Dads, or men who want to be dads, are often forgotten members of the infertility community. In our online community, 92% of our active members are female. Conversations between us run from grief over a yet-another-unwanted monthly cycle to frustration with the slow process of infertility treatment to miscarriage losses. As a result, conversations between women are full of common ground. In that space, we usually find the emotional support we are seeking. This is not the case for our male partners.

Why are Men the Forgotten Ones of Infertility?

Processing Intangible Loss

While we’ve made some ground, our culture generally still does not encourage men to show grief. It’s a rare male friendship that gives space for expressions of grief or loss, especially when that loss is not tangible or quantifiable. For example, the death of a spouse or a stillborn baby is easier to recognize as a loss. The death of a dream, the inability to create life with your partner, or a miscarriage are much less concrete – and challenging for anyone to process. However, these intangible griefs seem particularly difficult for men in our culture. Encouraging the men in your life to share their stories is a great start to letting them know you are ready to hear their losses and grief too.

Being the ”Strong One”

Many men who want to be dads feel as if they must be strong for their wives or female partners. Again, this is a societal influence, but it’s no less real and challenging to overcome. When an IVF cycle fails or pregnancy is lost, men want to be the shoulders their wives can cry on and the rock that offers support.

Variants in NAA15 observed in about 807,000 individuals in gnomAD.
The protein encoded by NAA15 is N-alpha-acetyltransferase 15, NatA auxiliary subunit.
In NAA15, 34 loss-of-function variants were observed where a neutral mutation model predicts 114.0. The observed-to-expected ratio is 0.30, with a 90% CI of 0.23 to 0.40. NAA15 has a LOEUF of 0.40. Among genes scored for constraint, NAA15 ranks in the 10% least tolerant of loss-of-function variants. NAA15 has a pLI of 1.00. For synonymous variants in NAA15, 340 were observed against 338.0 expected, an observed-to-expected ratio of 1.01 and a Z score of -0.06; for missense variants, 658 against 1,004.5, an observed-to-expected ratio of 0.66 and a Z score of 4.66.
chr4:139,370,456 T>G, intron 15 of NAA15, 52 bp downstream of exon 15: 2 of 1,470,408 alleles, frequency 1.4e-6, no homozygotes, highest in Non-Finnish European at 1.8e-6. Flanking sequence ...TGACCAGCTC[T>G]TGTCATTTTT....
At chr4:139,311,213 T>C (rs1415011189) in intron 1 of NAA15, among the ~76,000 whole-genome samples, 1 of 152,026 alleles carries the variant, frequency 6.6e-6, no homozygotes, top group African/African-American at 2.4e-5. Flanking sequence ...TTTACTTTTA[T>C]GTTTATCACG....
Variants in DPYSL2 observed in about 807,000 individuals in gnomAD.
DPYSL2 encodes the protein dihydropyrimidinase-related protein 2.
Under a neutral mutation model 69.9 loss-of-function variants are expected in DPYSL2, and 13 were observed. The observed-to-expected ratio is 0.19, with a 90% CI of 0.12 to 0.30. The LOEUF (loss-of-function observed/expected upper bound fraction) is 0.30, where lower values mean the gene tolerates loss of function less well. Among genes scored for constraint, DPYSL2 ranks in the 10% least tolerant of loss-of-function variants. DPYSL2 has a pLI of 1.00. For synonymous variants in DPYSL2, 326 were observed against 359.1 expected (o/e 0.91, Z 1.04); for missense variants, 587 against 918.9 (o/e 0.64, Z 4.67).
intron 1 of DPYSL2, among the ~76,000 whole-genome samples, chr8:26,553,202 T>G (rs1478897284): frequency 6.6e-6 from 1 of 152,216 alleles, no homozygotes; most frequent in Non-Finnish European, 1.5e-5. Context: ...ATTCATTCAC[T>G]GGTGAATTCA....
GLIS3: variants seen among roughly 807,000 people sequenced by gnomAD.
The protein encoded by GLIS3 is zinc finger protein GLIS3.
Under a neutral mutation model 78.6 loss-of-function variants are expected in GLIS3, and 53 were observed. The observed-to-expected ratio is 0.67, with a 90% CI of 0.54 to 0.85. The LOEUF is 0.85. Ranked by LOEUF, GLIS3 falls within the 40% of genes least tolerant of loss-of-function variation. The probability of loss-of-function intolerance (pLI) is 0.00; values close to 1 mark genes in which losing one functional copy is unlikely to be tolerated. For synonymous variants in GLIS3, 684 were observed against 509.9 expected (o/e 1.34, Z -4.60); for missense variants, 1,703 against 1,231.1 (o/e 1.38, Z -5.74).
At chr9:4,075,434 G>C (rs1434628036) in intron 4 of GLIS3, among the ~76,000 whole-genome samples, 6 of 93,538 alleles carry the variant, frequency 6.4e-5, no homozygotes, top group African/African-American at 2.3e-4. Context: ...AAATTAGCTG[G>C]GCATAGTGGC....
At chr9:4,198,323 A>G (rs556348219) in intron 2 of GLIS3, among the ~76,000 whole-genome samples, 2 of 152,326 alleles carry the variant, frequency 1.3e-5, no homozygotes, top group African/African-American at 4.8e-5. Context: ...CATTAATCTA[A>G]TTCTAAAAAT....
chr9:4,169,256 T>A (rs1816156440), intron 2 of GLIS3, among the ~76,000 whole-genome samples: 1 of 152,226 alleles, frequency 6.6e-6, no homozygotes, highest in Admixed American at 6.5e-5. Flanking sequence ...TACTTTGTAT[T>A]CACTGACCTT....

Having a solid support network is vital while building a family. However, both partners deserve a space in which they do not have to be the strong one who is okay. Do you have a network where you and your male friends or your partner feel safe to not have it all together and “be strong” for others?

Ignoring (or Silencing) the Pain

Culturally, we still have societal stereotypes that paint men as reluctant to share their pain with friends or partners. When men who want to be dads don’t give voice to their struggles, it becomes all-too-too easy to pretend the pain does not exist. Silencing the grief allows men to keep ignoring it – and the cycles of the stereotypes, isolation, and suffering, continue. When you know a man in your life has faced the grief of infertility, listen for the struggle. Be willing to hear it and not try to fix it for him.

Who Supports the Men Who Want to be Dads?

So often, the focus of support is on the infertile woman. Again, most of us active in the infertility community are women. But on whose shoulders do our male partners cry? Are we women aware of men’s lack of support as they walk through the infertility journey with their partners?

Many guys are more likely to be open about their pain, fears, or hopes with a smaller circle of one or two people. Sometimes, they only share candidly with their wife or partner, which places an additional burden on their wives, who are also sad and struggling to cope. When we are in relationships with couples struggling through infertility, we must support both women and men. Sometimes, that support looks like reminding our female friends that their male partners are suffering too.

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Men of Infertility, We See You

Father’s Day is this weekend. To the men who want to be dads, we offer this poem. Please share it with others this week so that these “forgotten ones” will feel seen, honored, and remembered this Sunday.

A Father’s Grief

by Eileen Knight Hagemeister

It must be very difficult
To be a man in grief.
Since “men don’t cry” and “men are strong”
No tears can bring relief.

It must be very difficult
To stand up to the test.
And field calls and visitors
So that she can get some rest.

They always ask if she’s alright
And what she’s going through.
But seldom take his hand and ask,
“My friend, how are you?”

He hears her cry in the night
And thinks his heart will break.
And dries her tears and comforts her
But “stays strong” for her sake.

It must be very difficult
To start each day anew.
And try to be so very brave-
He lost his baby too.

Do you have a man who wants to be a dad? Does he feel forgotten in this struggle to create your family? Tell us about him in the comments!

Image Credits: Steven Pisano; Cristian Ungureanu; Guiseppe Milo